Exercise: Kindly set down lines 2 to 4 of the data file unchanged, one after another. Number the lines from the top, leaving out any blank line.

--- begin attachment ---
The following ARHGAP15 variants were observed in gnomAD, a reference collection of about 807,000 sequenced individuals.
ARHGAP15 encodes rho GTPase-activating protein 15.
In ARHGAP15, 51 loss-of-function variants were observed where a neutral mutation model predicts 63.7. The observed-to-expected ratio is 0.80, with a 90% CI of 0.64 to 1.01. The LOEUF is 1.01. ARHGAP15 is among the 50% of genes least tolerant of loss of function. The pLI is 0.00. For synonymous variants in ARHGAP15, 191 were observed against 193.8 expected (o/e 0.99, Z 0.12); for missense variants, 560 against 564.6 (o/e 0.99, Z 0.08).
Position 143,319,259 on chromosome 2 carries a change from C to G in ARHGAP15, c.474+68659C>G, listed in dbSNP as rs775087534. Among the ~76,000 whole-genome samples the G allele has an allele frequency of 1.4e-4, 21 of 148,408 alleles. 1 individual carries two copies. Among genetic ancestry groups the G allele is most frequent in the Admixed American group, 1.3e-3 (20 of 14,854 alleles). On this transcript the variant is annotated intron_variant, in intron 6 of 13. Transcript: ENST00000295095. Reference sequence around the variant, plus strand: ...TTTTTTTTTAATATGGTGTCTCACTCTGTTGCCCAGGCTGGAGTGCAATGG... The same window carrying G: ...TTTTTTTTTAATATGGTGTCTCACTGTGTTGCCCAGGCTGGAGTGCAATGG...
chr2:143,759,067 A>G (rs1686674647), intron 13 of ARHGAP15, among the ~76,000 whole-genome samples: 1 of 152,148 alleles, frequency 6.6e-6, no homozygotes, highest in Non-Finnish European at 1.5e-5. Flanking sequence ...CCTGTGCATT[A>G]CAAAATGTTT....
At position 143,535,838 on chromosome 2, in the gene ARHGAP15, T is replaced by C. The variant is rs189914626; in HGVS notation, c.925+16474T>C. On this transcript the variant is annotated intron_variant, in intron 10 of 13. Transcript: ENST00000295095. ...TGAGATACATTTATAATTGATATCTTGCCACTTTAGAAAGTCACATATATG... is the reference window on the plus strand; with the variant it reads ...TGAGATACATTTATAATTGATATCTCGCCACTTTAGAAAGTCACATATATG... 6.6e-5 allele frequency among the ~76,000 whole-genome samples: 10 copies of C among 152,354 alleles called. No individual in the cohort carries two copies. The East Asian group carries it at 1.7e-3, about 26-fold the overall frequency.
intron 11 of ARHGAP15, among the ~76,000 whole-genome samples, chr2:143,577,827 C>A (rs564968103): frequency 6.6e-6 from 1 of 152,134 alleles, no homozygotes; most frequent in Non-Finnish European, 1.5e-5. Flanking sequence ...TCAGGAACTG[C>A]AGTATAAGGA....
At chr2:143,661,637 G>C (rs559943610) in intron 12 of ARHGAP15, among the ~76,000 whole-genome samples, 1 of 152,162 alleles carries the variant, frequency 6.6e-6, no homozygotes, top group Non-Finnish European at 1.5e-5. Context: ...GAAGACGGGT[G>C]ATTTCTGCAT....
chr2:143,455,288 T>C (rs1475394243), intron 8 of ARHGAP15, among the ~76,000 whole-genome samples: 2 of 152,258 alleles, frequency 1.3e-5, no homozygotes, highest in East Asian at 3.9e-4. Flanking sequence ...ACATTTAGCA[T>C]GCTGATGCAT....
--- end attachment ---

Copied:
ARHGAP15 encodes rho GTPase-activating protein 15.
In ARHGAP15, 51 loss-of-function variants were observed where a neutral mutation model predicts 63.7. The observed-to-expected ratio is 0.80, with a 90% CI of 0.64 to 1.01. The LOEUF is 1.01. ARHGAP15 is among the 50% of genes least tolerant of loss of function. The pLI is 0.00. For synonymous variants in ARHGAP15, 191 were observed against 193.8 expected (o/e 0.99, Z 0.12); for missense variants, 560 against 564.6 (o/e 0.99, Z 0.08).
Position 143,319,259 on chromosome 2 carries a change from C to G in ARHGAP15, c.474+68659C>G, listed in dbSNP as rs775087534. Among the ~76,000 whole-genome samples the G allele has an allele frequency of 1.4e-4, 21 of 148,408 alleles. 1 individual carries two copies. Among genetic ancestry groups the G allele is most frequent in the Admixed American group, 1.3e-3 (20 of 14,854 alleles). On this transcript the variant is annotated intron_variant, in intron 6 of 13. Transcript: ENST00000295095. Reference sequence around the variant, plus strand: ...TTTTTTTTTAATATGGTGTCTCACTCTGTTGCCCAGGCTGGAGTGCAATGG... The same window carrying G: ...TTTTTTTTTAATATGGTGTCTCACTGTGTTGCCCAGGCTGGAGTGCAATGG...